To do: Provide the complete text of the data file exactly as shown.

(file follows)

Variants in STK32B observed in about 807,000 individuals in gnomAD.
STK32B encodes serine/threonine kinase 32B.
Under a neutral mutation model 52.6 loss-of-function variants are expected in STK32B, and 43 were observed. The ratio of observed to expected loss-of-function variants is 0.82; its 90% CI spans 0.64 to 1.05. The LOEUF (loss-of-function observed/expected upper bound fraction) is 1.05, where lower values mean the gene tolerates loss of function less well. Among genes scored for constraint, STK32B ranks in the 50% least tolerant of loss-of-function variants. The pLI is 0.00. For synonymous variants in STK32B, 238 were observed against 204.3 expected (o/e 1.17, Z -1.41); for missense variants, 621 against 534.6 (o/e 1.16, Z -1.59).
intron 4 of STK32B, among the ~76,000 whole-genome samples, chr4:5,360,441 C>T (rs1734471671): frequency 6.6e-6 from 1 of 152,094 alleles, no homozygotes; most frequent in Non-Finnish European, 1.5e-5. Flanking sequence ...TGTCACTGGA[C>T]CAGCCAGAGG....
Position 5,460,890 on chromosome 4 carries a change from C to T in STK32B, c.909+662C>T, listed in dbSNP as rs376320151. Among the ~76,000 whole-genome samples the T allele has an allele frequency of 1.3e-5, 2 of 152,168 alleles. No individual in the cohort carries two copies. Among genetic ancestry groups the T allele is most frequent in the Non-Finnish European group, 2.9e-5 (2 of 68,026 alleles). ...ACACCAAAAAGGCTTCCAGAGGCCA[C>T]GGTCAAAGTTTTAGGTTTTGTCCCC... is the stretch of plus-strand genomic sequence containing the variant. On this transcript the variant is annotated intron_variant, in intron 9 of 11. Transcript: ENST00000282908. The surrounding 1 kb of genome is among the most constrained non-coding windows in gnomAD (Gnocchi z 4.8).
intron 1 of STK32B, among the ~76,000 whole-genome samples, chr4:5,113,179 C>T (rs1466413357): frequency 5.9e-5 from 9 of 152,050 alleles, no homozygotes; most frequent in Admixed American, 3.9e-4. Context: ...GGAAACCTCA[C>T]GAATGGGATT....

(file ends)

Variants in STK32B observed in about 807,000 individuals in gnomAD.
STK32B encodes serine/threonine kinase 32B.
Under a neutral mutation model 52.6 loss-of-function variants are expected in STK32B, and 43 were observed. The ratio of observed to expected loss-of-function variants is 0.82; its 90% CI spans 0.64 to 1.05. The LOEUF (loss-of-function observed/expected upper bound fraction) is 1.05, where lower values mean the gene tolerates loss of function less well. Among genes scored for constraint, STK32B ranks in the 50% least tolerant of loss-of-function variants. The pLI is 0.00. For synonymous variants in STK32B, 238 were observed against 204.3 expected (o/e 1.17, Z -1.41); for missense variants, 621 against 534.6 (o/e 1.16, Z -1.59).
intron 4 of STK32B, among the ~76,000 whole-genome samples, chr4:5,360,441 C>T (rs1734471671): frequency 6.6e-6 from 1 of 152,094 alleles, no homozygotes; most frequent in Non-Finnish European, 1.5e-5. Flanking sequence ...TGTCACTGGA[C>T]CAGCCAGAGG....
Position 5,460,890 on chromosome 4 carries a change from C to T in STK32B, c.909+662C>T, listed in dbSNP as rs376320151. Among the ~76,000 whole-genome samples the T allele has an allele frequency of 1.3e-5, 2 of 152,168 alleles. No individual in the cohort carries two copies. Among genetic ancestry groups the T allele is most frequent in the Non-Finnish European group, 2.9e-5 (2 of 68,026 alleles). ...ACACCAAAAAGGCTTCCAGAGGCCA[C>T]GGTCAAAGTTTTAGGTTTTGTCCCC... is the stretch of plus-strand genomic sequence containing the variant. On this transcript the variant is annotated intron_variant, in intron 9 of 11. Transcript: ENST00000282908. The surrounding 1 kb of genome is among the most constrained non-coding windows in gnomAD (Gnocchi z 4.8).
intron 1 of STK32B, among the ~76,000 whole-genome samples, chr4:5,113,179 C>T (rs1466413357): frequency 5.9e-5 from 9 of 152,050 alleles, no homozygotes; most frequent in Admixed American, 3.9e-4. Context: ...GGAAACCTCA[C>T]GAATGGGATT....